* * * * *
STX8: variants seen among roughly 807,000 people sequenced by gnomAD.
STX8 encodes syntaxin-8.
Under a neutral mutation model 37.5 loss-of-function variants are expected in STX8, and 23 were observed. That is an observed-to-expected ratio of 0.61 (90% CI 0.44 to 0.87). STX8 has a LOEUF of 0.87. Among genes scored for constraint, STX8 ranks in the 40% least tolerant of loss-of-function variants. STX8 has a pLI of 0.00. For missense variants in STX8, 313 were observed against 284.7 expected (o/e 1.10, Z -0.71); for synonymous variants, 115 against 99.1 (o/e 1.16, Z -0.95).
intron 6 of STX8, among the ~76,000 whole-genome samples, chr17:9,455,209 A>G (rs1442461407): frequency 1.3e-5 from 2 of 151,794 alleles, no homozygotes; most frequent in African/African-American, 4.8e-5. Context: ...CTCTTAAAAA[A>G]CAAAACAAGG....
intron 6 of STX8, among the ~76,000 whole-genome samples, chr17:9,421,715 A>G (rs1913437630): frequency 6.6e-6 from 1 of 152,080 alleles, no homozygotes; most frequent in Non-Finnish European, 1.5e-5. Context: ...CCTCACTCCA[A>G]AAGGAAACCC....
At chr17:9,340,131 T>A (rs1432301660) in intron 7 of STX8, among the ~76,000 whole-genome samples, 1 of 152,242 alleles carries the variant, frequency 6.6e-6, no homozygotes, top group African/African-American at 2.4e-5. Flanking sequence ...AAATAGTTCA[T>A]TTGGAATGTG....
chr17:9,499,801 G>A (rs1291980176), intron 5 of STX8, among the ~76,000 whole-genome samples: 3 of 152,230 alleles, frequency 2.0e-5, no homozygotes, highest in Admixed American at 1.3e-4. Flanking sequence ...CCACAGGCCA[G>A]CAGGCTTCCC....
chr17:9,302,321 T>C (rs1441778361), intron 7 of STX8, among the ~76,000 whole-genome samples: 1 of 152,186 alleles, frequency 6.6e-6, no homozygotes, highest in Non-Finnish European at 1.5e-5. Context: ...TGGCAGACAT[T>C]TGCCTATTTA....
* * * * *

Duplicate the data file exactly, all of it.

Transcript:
STX8: variants seen among roughly 807,000 people sequenced by gnomAD.
STX8 encodes syntaxin-8.
Under a neutral mutation model 37.5 loss-of-function variants are expected in STX8, and 23 were observed. That is an observed-to-expected ratio of 0.61 (90% CI 0.44 to 0.87). STX8 has a LOEUF of 0.87. Among genes scored for constraint, STX8 ranks in the 40% least tolerant of loss-of-function variants. STX8 has a pLI of 0.00. For missense variants in STX8, 313 were observed against 284.7 expected (o/e 1.10, Z -0.71); for synonymous variants, 115 against 99.1 (o/e 1.16, Z -0.95).
intron 6 of STX8, among the ~76,000 whole-genome samples, chr17:9,455,209 A>G (rs1442461407): frequency 1.3e-5 from 2 of 151,794 alleles, no homozygotes; most frequent in African/African-American, 4.8e-5. Context: ...CTCTTAAAAA[A>G]CAAAACAAGG....
intron 6 of STX8, among the ~76,000 whole-genome samples, chr17:9,421,715 A>G (rs1913437630): frequency 6.6e-6 from 1 of 152,080 alleles, no homozygotes; most frequent in Non-Finnish European, 1.5e-5. Context: ...CCTCACTCCA[A>G]AAGGAAACCC....
At chr17:9,340,131 T>A (rs1432301660) in intron 7 of STX8, among the ~76,000 whole-genome samples, 1 of 152,242 alleles carries the variant, frequency 6.6e-6, no homozygotes, top group African/African-American at 2.4e-5. Flanking sequence ...AAATAGTTCA[T>A]TTGGAATGTG....
chr17:9,499,801 G>A (rs1291980176), intron 5 of STX8, among the ~76,000 whole-genome samples: 3 of 152,230 alleles, frequency 2.0e-5, no homozygotes, highest in Admixed American at 1.3e-4. Flanking sequence ...CCACAGGCCA[G>A]CAGGCTTCCC....
chr17:9,302,321 T>C (rs1441778361), intron 7 of STX8, among the ~76,000 whole-genome samples: 1 of 152,186 alleles, frequency 6.6e-6, no homozygotes, highest in Non-Finnish European at 1.5e-5. Context: ...TGGCAGACAT[T>C]TGCCTATTTA....